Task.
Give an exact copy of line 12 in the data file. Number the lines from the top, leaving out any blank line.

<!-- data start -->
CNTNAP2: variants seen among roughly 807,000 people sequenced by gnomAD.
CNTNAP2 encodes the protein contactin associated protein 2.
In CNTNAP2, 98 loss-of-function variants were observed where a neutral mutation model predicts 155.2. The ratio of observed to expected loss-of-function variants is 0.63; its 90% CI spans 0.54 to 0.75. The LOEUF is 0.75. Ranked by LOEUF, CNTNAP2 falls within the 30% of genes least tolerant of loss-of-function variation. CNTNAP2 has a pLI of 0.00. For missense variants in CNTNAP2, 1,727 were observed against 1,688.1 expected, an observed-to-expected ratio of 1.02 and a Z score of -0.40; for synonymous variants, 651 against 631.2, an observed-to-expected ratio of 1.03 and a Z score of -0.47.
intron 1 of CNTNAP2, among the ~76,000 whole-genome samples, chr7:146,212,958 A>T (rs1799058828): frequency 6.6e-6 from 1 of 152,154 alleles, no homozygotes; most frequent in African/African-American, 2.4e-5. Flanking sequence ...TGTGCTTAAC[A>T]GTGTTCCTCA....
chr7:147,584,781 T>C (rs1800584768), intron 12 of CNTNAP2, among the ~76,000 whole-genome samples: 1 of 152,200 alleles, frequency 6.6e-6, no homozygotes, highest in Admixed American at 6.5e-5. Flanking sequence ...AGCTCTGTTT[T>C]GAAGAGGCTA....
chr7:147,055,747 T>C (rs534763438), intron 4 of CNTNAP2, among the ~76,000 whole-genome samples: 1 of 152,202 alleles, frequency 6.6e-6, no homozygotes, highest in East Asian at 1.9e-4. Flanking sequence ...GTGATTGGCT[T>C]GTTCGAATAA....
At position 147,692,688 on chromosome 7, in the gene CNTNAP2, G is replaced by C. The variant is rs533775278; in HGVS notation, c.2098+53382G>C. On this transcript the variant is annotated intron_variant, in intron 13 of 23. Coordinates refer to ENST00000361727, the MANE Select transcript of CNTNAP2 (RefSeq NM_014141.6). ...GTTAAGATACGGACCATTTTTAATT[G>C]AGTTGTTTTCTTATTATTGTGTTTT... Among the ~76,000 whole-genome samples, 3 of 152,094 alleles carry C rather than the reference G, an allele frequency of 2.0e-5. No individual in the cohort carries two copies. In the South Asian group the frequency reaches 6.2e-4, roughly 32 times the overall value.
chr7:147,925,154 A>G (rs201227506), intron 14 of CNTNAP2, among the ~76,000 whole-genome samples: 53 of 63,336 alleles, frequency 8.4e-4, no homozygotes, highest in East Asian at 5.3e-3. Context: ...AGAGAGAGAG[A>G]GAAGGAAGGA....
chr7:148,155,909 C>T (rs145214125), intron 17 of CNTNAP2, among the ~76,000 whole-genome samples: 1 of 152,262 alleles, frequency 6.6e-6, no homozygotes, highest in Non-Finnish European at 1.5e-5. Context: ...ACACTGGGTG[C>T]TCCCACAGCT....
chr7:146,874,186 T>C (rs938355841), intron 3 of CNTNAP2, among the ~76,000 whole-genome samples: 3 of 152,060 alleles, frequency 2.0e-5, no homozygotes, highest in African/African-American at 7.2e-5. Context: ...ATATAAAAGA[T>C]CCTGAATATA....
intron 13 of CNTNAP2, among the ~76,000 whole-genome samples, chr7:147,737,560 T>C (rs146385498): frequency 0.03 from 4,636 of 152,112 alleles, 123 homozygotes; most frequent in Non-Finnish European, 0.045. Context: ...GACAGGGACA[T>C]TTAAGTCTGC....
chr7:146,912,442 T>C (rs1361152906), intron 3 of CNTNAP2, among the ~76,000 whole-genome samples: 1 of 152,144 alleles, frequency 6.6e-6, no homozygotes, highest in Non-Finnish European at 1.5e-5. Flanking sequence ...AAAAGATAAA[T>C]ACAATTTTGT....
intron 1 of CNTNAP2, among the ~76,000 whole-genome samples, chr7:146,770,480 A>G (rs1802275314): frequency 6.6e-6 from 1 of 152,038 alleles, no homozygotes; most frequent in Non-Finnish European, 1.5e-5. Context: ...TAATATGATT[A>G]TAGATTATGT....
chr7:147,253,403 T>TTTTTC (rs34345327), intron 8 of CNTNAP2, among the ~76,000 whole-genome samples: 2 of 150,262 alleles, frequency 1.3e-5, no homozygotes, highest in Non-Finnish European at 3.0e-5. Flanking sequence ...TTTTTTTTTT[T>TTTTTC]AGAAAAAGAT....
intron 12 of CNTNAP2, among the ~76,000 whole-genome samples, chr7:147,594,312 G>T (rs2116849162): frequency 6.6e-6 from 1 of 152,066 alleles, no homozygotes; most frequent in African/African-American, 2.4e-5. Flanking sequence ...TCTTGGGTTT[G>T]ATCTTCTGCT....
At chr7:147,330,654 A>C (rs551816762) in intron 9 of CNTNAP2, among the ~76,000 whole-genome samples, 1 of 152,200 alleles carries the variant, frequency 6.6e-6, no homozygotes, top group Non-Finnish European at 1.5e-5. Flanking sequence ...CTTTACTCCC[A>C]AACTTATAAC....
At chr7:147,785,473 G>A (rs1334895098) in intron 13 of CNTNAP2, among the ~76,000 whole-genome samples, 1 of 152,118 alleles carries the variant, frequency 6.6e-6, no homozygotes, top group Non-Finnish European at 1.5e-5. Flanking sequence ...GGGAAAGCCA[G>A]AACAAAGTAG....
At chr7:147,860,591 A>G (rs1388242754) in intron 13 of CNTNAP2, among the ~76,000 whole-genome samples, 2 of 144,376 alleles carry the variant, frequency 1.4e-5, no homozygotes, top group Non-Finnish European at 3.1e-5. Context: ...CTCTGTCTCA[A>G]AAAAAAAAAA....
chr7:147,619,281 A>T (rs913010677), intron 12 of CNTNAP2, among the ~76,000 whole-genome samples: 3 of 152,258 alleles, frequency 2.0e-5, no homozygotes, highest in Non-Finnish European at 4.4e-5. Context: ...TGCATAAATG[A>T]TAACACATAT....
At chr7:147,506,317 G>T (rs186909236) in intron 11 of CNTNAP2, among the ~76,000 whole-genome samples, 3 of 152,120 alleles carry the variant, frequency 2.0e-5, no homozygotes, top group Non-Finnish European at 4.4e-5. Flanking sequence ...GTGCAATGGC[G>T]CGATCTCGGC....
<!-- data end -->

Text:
chr7:146,912,442 T>C (rs1361152906), intron 3 of CNTNAP2, among the ~76,000 whole-genome samples: 1 of 152,144 alleles, frequency 6.6e-6, no homozygotes, highest in Non-Finnish European at 1.5e-5. Flanking sequence ...AAAAGATAAA[T>C]ACAATTTTGT....